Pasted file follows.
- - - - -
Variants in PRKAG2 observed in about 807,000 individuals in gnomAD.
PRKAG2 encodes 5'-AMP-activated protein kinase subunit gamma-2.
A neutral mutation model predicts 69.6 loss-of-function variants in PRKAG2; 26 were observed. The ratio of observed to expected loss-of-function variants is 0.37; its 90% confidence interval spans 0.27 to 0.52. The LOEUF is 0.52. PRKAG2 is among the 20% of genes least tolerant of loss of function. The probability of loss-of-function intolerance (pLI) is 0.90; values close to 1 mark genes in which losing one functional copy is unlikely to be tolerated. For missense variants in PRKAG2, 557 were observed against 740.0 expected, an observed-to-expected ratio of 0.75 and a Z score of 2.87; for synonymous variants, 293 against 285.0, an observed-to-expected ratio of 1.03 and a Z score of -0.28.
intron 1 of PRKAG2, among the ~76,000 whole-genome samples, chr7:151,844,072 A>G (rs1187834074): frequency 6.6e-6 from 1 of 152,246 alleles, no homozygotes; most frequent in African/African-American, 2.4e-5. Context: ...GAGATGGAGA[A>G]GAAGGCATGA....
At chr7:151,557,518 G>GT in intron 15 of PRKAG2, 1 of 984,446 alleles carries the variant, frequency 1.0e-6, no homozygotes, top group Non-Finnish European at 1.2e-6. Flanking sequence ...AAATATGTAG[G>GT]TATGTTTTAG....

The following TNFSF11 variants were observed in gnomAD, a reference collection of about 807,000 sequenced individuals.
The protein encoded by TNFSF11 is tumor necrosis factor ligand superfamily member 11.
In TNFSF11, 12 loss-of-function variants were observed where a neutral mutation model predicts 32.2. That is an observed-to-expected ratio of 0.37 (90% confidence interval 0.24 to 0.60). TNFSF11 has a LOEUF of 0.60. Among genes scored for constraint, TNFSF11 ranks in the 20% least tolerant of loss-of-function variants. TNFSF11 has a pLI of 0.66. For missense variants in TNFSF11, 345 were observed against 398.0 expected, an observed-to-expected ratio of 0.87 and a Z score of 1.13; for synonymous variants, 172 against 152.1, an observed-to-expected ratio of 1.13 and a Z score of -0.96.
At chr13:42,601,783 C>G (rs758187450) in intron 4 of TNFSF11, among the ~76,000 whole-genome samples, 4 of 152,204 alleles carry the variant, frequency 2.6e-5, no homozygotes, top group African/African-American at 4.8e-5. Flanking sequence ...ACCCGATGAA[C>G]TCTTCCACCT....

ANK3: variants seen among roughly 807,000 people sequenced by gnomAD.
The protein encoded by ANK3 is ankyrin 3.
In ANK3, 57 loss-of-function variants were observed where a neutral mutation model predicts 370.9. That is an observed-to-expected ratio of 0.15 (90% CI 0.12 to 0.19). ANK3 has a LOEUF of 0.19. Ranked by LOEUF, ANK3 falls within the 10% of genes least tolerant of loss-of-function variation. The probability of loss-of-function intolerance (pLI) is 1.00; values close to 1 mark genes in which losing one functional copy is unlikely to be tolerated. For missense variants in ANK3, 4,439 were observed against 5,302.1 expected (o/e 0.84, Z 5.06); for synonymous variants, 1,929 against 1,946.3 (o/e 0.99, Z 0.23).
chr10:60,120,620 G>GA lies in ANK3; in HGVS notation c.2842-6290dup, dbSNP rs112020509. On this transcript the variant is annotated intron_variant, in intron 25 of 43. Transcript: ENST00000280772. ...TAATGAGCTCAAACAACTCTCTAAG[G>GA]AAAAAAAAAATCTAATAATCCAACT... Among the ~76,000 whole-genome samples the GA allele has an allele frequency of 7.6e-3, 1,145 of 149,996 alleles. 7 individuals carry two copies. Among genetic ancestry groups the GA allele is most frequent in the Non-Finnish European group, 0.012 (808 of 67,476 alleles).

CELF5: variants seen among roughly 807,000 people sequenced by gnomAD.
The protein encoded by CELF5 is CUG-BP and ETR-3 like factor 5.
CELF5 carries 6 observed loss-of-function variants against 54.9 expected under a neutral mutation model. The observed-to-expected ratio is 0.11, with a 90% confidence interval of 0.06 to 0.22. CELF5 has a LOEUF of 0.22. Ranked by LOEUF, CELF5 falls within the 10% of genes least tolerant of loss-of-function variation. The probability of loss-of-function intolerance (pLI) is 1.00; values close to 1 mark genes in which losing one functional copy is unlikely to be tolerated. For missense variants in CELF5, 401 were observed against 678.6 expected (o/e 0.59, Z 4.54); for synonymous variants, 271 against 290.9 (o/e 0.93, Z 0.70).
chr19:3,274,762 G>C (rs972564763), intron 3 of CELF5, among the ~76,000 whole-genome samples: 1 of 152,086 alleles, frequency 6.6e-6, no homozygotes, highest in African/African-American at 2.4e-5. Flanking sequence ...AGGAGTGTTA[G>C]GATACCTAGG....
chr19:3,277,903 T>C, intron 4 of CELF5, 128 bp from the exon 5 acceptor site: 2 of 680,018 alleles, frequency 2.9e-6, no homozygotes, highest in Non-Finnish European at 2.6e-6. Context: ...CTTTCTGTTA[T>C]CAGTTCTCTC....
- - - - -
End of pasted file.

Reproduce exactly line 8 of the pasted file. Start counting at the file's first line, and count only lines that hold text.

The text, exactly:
In TNFSF11, 12 loss-of-function variants were observed where a neutral mutation model predicts 32.2. That is an observed-to-expected ratio of 0.37 (90% confidence interval 0.24 to 0.60). TNFSF11 has a LOEUF of 0.60. Among genes scored for constraint, TNFSF11 ranks in the 20% least tolerant of loss-of-function variants. TNFSF11 has a pLI of 0.66. For missense variants in TNFSF11, 345 were observed against 398.0 expected, an observed-to-expected ratio of 0.87 and a Z score of 1.13; for synonymous variants, 172 against 152.1, an observed-to-expected ratio of 1.13 and a Z score of -0.96.